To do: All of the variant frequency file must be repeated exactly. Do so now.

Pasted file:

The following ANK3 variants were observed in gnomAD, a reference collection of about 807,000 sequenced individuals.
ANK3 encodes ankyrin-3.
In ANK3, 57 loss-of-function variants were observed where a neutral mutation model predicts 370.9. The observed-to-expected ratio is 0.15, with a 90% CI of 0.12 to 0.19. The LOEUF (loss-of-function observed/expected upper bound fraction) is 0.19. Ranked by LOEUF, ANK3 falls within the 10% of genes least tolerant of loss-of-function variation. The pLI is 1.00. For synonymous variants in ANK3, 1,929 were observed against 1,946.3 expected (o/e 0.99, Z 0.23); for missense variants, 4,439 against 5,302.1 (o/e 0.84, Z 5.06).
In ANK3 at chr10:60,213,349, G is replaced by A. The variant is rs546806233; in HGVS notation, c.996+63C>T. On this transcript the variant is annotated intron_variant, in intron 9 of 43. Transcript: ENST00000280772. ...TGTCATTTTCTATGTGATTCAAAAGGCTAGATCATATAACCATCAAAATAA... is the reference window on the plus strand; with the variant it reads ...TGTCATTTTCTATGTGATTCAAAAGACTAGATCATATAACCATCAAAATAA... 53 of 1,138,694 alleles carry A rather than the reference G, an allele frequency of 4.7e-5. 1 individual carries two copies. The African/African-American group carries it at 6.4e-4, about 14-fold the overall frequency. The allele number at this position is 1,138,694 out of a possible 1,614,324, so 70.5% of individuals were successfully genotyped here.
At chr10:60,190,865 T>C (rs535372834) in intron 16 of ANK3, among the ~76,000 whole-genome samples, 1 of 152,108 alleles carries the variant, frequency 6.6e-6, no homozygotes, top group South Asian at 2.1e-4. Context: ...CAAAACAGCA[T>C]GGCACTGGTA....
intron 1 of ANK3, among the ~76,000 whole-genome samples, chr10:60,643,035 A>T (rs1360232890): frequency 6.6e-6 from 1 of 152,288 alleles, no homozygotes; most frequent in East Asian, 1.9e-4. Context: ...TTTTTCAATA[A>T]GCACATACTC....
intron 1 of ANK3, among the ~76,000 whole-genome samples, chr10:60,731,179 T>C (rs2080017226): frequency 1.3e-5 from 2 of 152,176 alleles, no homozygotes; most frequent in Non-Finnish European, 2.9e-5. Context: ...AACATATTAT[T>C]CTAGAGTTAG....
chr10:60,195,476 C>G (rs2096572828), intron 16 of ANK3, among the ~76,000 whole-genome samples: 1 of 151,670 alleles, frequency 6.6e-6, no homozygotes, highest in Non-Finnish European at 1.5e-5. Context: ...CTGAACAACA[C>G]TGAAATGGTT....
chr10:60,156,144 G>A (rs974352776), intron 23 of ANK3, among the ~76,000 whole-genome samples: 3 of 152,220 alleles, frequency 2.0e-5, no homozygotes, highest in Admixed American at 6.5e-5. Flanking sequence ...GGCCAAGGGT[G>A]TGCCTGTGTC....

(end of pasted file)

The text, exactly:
The following ANK3 variants were observed in gnomAD, a reference collection of about 807,000 sequenced individuals.
ANK3 encodes ankyrin-3.
In ANK3, 57 loss-of-function variants were observed where a neutral mutation model predicts 370.9. The observed-to-expected ratio is 0.15, with a 90% CI of 0.12 to 0.19. The LOEUF (loss-of-function observed/expected upper bound fraction) is 0.19. Ranked by LOEUF, ANK3 falls within the 10% of genes least tolerant of loss-of-function variation. The pLI is 1.00. For synonymous variants in ANK3, 1,929 were observed against 1,946.3 expected (o/e 0.99, Z 0.23); for missense variants, 4,439 against 5,302.1 (o/e 0.84, Z 5.06).
In ANK3 at chr10:60,213,349, G is replaced by A. The variant is rs546806233; in HGVS notation, c.996+63C>T. On this transcript the variant is annotated intron_variant, in intron 9 of 43. Transcript: ENST00000280772. ...TGTCATTTTCTATGTGATTCAAAAGGCTAGATCATATAACCATCAAAATAA... is the reference window on the plus strand; with the variant it reads ...TGTCATTTTCTATGTGATTCAAAAGACTAGATCATATAACCATCAAAATAA... 53 of 1,138,694 alleles carry A rather than the reference G, an allele frequency of 4.7e-5. 1 individual carries two copies. The African/African-American group carries it at 6.4e-4, about 14-fold the overall frequency. The allele number at this position is 1,138,694 out of a possible 1,614,324, so 70.5% of individuals were successfully genotyped here.
At chr10:60,190,865 T>C (rs535372834) in intron 16 of ANK3, among the ~76,000 whole-genome samples, 1 of 152,108 alleles carries the variant, frequency 6.6e-6, no homozygotes, top group South Asian at 2.1e-4. Context: ...CAAAACAGCA[T>C]GGCACTGGTA....
intron 1 of ANK3, among the ~76,000 whole-genome samples, chr10:60,643,035 A>T (rs1360232890): frequency 6.6e-6 from 1 of 152,288 alleles, no homozygotes; most frequent in East Asian, 1.9e-4. Context: ...TTTTTCAATA[A>T]GCACATACTC....
intron 1 of ANK3, among the ~76,000 whole-genome samples, chr10:60,731,179 T>C (rs2080017226): frequency 1.3e-5 from 2 of 152,176 alleles, no homozygotes; most frequent in Non-Finnish European, 2.9e-5. Context: ...AACATATTAT[T>C]CTAGAGTTAG....
chr10:60,195,476 C>G (rs2096572828), intron 16 of ANK3, among the ~76,000 whole-genome samples: 1 of 151,670 alleles, frequency 6.6e-6, no homozygotes, highest in Non-Finnish European at 1.5e-5. Context: ...CTGAACAACA[C>G]TGAAATGGTT....
chr10:60,156,144 G>A (rs974352776), intron 23 of ANK3, among the ~76,000 whole-genome samples: 3 of 152,220 alleles, frequency 2.0e-5, no homozygotes, highest in Admixed American at 6.5e-5. Flanking sequence ...GGCCAAGGGT[G>A]TGCCTGTGTC....